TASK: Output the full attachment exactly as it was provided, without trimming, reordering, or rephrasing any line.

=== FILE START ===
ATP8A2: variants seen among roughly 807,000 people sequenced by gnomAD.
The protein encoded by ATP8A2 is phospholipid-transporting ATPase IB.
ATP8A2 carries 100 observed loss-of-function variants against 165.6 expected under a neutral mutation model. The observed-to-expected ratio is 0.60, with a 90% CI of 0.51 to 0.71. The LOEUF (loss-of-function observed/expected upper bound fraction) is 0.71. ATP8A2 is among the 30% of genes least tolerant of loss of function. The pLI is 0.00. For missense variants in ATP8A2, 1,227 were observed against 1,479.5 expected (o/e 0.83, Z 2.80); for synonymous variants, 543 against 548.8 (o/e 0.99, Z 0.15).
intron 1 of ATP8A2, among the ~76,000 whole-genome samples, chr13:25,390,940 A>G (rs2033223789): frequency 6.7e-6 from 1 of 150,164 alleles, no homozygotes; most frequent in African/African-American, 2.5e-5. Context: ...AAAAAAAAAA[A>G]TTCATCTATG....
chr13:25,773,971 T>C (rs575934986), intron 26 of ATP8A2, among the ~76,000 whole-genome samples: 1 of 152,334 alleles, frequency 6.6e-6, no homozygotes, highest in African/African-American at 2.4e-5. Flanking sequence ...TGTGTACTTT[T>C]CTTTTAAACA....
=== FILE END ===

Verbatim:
ATP8A2: variants seen among roughly 807,000 people sequenced by gnomAD.
The protein encoded by ATP8A2 is phospholipid-transporting ATPase IB.
ATP8A2 carries 100 observed loss-of-function variants against 165.6 expected under a neutral mutation model. The observed-to-expected ratio is 0.60, with a 90% CI of 0.51 to 0.71. The LOEUF (loss-of-function observed/expected upper bound fraction) is 0.71. ATP8A2 is among the 30% of genes least tolerant of loss of function. The pLI is 0.00. For missense variants in ATP8A2, 1,227 were observed against 1,479.5 expected (o/e 0.83, Z 2.80); for synonymous variants, 543 against 548.8 (o/e 0.99, Z 0.15).
intron 1 of ATP8A2, among the ~76,000 whole-genome samples, chr13:25,390,940 A>G (rs2033223789): frequency 6.7e-6 from 1 of 150,164 alleles, no homozygotes; most frequent in African/African-American, 2.5e-5. Context: ...AAAAAAAAAA[A>G]TTCATCTATG....
chr13:25,773,971 T>C (rs575934986), intron 26 of ATP8A2, among the ~76,000 whole-genome samples: 1 of 152,334 alleles, frequency 6.6e-6, no homozygotes, highest in African/African-American at 2.4e-5. Flanking sequence ...TGTGTACTTT[T>C]CTTTTAAACA....